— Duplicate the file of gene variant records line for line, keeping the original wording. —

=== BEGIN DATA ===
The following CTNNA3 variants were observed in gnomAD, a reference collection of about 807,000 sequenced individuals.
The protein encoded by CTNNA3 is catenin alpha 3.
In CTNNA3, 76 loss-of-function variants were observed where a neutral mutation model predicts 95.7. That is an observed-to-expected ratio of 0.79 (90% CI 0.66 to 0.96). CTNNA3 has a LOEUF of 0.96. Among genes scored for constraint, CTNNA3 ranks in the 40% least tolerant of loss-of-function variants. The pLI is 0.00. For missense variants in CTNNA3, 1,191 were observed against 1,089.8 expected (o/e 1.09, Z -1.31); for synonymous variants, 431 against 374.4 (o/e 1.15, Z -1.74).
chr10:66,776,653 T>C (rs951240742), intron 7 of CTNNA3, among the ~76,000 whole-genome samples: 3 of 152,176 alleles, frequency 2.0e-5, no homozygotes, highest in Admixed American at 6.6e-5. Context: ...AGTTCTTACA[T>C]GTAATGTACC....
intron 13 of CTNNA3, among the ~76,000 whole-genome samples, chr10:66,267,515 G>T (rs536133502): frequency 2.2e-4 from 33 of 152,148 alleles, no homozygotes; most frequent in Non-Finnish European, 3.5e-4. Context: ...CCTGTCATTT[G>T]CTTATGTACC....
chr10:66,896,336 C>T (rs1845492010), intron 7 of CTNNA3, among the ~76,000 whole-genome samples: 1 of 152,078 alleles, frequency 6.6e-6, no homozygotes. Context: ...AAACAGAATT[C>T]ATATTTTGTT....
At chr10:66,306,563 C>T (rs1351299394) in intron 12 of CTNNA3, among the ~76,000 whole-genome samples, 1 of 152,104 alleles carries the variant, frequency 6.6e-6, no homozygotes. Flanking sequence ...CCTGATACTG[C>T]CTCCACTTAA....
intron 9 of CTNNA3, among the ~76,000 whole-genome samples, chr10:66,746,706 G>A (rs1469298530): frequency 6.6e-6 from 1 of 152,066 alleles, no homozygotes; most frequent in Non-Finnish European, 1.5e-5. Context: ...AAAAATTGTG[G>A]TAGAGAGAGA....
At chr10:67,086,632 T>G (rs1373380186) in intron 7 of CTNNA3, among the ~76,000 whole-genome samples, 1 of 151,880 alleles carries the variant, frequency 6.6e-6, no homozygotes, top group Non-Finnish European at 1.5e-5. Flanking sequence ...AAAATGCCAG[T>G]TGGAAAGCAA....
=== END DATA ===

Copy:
The following CTNNA3 variants were observed in gnomAD, a reference collection of about 807,000 sequenced individuals.
The protein encoded by CTNNA3 is catenin alpha 3.
In CTNNA3, 76 loss-of-function variants were observed where a neutral mutation model predicts 95.7. That is an observed-to-expected ratio of 0.79 (90% CI 0.66 to 0.96). CTNNA3 has a LOEUF of 0.96. Among genes scored for constraint, CTNNA3 ranks in the 40% least tolerant of loss-of-function variants. The pLI is 0.00. For missense variants in CTNNA3, 1,191 were observed against 1,089.8 expected (o/e 1.09, Z -1.31); for synonymous variants, 431 against 374.4 (o/e 1.15, Z -1.74).
chr10:66,776,653 T>C (rs951240742), intron 7 of CTNNA3, among the ~76,000 whole-genome samples: 3 of 152,176 alleles, frequency 2.0e-5, no homozygotes, highest in Admixed American at 6.6e-5. Context: ...AGTTCTTACA[T>C]GTAATGTACC....
intron 13 of CTNNA3, among the ~76,000 whole-genome samples, chr10:66,267,515 G>T (rs536133502): frequency 2.2e-4 from 33 of 152,148 alleles, no homozygotes; most frequent in Non-Finnish European, 3.5e-4. Context: ...CCTGTCATTT[G>T]CTTATGTACC....
chr10:66,896,336 C>T (rs1845492010), intron 7 of CTNNA3, among the ~76,000 whole-genome samples: 1 of 152,078 alleles, frequency 6.6e-6, no homozygotes. Context: ...AAACAGAATT[C>T]ATATTTTGTT....
At chr10:66,306,563 C>T (rs1351299394) in intron 12 of CTNNA3, among the ~76,000 whole-genome samples, 1 of 152,104 alleles carries the variant, frequency 6.6e-6, no homozygotes. Flanking sequence ...CCTGATACTG[C>T]CTCCACTTAA....
intron 9 of CTNNA3, among the ~76,000 whole-genome samples, chr10:66,746,706 G>A (rs1469298530): frequency 6.6e-6 from 1 of 152,066 alleles, no homozygotes; most frequent in Non-Finnish European, 1.5e-5. Context: ...AAAAATTGTG[G>A]TAGAGAGAGA....
At chr10:67,086,632 T>G (rs1373380186) in intron 7 of CTNNA3, among the ~76,000 whole-genome samples, 1 of 151,880 alleles carries the variant, frequency 6.6e-6, no homozygotes, top group Non-Finnish European at 1.5e-5. Flanking sequence ...AAAATGCCAG[T>G]TGGAAAGCAA....